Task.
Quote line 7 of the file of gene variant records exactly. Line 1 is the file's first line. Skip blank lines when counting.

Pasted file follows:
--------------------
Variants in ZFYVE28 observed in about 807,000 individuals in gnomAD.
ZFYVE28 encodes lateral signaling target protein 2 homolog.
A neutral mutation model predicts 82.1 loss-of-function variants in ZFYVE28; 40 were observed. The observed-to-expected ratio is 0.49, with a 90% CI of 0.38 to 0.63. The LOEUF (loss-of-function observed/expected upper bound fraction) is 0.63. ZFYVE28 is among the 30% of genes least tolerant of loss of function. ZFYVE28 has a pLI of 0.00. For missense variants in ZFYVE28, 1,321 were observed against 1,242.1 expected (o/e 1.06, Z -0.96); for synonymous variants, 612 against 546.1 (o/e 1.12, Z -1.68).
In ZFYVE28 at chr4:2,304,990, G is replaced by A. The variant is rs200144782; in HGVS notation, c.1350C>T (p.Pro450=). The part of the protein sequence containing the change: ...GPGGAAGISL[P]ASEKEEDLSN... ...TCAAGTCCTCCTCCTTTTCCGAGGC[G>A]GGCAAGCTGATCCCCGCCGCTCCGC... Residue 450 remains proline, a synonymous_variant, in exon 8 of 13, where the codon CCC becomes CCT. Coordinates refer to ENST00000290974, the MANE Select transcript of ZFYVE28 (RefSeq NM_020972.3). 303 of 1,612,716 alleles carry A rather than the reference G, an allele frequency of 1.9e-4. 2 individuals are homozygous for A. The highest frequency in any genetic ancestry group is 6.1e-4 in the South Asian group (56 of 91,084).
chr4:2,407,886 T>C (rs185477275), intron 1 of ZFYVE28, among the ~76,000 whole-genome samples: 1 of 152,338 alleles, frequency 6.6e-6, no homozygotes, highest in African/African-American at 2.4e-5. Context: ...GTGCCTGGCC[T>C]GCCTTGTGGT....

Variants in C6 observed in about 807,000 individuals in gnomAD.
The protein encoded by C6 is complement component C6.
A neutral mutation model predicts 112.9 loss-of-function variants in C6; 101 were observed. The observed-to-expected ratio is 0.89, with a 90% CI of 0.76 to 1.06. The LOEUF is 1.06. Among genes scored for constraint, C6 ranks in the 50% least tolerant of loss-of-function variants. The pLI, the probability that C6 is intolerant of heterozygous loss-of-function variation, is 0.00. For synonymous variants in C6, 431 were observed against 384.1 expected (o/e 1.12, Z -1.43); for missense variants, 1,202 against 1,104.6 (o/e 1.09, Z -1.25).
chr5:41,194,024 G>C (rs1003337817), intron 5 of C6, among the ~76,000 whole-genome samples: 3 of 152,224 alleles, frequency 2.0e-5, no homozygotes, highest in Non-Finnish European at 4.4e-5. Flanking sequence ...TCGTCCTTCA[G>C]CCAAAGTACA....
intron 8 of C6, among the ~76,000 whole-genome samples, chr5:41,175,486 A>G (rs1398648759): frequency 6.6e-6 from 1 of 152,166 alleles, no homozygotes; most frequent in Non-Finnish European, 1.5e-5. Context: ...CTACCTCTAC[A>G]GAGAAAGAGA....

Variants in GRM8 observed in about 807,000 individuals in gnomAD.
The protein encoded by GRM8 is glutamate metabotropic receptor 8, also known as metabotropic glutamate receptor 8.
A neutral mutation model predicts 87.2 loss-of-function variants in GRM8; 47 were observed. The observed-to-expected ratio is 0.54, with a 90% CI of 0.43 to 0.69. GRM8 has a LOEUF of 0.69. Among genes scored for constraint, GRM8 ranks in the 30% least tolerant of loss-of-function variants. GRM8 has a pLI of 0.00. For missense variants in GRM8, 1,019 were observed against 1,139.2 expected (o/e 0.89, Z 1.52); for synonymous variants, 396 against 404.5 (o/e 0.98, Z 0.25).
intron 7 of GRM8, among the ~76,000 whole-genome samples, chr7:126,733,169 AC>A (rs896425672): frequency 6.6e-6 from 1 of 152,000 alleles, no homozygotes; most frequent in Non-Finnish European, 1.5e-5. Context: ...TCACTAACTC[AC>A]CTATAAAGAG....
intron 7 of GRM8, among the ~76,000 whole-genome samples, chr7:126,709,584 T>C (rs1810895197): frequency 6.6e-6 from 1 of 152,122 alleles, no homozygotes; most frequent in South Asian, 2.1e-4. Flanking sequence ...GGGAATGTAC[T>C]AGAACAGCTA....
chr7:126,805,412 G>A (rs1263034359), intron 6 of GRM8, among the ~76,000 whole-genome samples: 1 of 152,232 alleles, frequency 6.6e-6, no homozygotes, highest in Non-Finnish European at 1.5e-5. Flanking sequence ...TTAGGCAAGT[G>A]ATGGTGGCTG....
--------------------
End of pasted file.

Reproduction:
The protein encoded by C6 is complement component C6.